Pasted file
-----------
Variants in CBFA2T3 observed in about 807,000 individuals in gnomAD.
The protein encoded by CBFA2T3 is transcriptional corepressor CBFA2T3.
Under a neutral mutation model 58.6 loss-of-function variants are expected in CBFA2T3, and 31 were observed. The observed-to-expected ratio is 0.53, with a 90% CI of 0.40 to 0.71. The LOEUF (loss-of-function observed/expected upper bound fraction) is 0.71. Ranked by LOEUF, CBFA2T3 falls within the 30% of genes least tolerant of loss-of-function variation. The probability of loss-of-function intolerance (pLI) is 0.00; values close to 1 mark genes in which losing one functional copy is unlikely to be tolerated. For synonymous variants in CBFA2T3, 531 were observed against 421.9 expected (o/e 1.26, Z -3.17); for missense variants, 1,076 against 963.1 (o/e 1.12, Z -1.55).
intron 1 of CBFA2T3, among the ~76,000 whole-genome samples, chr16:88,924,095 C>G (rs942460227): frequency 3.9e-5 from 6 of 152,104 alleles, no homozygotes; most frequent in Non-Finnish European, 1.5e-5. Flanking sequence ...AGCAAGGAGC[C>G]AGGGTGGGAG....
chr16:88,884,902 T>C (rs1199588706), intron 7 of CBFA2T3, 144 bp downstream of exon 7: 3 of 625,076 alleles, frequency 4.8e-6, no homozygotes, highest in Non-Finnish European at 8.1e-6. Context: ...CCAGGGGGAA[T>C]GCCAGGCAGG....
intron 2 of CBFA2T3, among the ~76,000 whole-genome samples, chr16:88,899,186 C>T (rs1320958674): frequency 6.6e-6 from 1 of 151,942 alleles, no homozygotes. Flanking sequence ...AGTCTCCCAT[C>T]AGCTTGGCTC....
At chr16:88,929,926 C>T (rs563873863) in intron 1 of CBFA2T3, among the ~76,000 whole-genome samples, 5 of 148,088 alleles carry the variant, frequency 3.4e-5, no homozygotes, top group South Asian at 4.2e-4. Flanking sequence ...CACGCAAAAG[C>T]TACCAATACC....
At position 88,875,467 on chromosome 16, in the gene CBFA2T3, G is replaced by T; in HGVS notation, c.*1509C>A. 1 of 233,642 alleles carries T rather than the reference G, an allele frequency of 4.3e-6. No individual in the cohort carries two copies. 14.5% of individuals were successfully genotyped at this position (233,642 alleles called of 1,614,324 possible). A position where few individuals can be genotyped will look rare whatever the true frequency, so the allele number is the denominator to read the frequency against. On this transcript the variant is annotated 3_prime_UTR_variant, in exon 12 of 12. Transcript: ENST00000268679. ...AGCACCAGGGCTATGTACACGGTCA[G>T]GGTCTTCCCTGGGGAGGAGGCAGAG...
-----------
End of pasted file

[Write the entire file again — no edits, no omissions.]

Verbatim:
Variants in CBFA2T3 observed in about 807,000 individuals in gnomAD.
The protein encoded by CBFA2T3 is transcriptional corepressor CBFA2T3.
Under a neutral mutation model 58.6 loss-of-function variants are expected in CBFA2T3, and 31 were observed. The observed-to-expected ratio is 0.53, with a 90% CI of 0.40 to 0.71. The LOEUF (loss-of-function observed/expected upper bound fraction) is 0.71. Ranked by LOEUF, CBFA2T3 falls within the 30% of genes least tolerant of loss-of-function variation. The probability of loss-of-function intolerance (pLI) is 0.00; values close to 1 mark genes in which losing one functional copy is unlikely to be tolerated. For synonymous variants in CBFA2T3, 531 were observed against 421.9 expected (o/e 1.26, Z -3.17); for missense variants, 1,076 against 963.1 (o/e 1.12, Z -1.55).
intron 1 of CBFA2T3, among the ~76,000 whole-genome samples, chr16:88,924,095 C>G (rs942460227): frequency 3.9e-5 from 6 of 152,104 alleles, no homozygotes; most frequent in Non-Finnish European, 1.5e-5. Flanking sequence ...AGCAAGGAGC[C>G]AGGGTGGGAG....
chr16:88,884,902 T>C (rs1199588706), intron 7 of CBFA2T3, 144 bp downstream of exon 7: 3 of 625,076 alleles, frequency 4.8e-6, no homozygotes, highest in Non-Finnish European at 8.1e-6. Context: ...CCAGGGGGAA[T>C]GCCAGGCAGG....
intron 2 of CBFA2T3, among the ~76,000 whole-genome samples, chr16:88,899,186 C>T (rs1320958674): frequency 6.6e-6 from 1 of 151,942 alleles, no homozygotes. Flanking sequence ...AGTCTCCCAT[C>T]AGCTTGGCTC....
At chr16:88,929,926 C>T (rs563873863) in intron 1 of CBFA2T3, among the ~76,000 whole-genome samples, 5 of 148,088 alleles carry the variant, frequency 3.4e-5, no homozygotes, top group South Asian at 4.2e-4. Flanking sequence ...CACGCAAAAG[C>T]TACCAATACC....
At position 88,875,467 on chromosome 16, in the gene CBFA2T3, G is replaced by T; in HGVS notation, c.*1509C>A. 1 of 233,642 alleles carries T rather than the reference G, an allele frequency of 4.3e-6. No individual in the cohort carries two copies. 14.5% of individuals were successfully genotyped at this position (233,642 alleles called of 1,614,324 possible). A position where few individuals can be genotyped will look rare whatever the true frequency, so the allele number is the denominator to read the frequency against. On this transcript the variant is annotated 3_prime_UTR_variant, in exon 12 of 12. Transcript: ENST00000268679. ...AGCACCAGGGCTATGTACACGGTCA[G>T]GGTCTTCCCTGGGGAGGAGGCAGAG...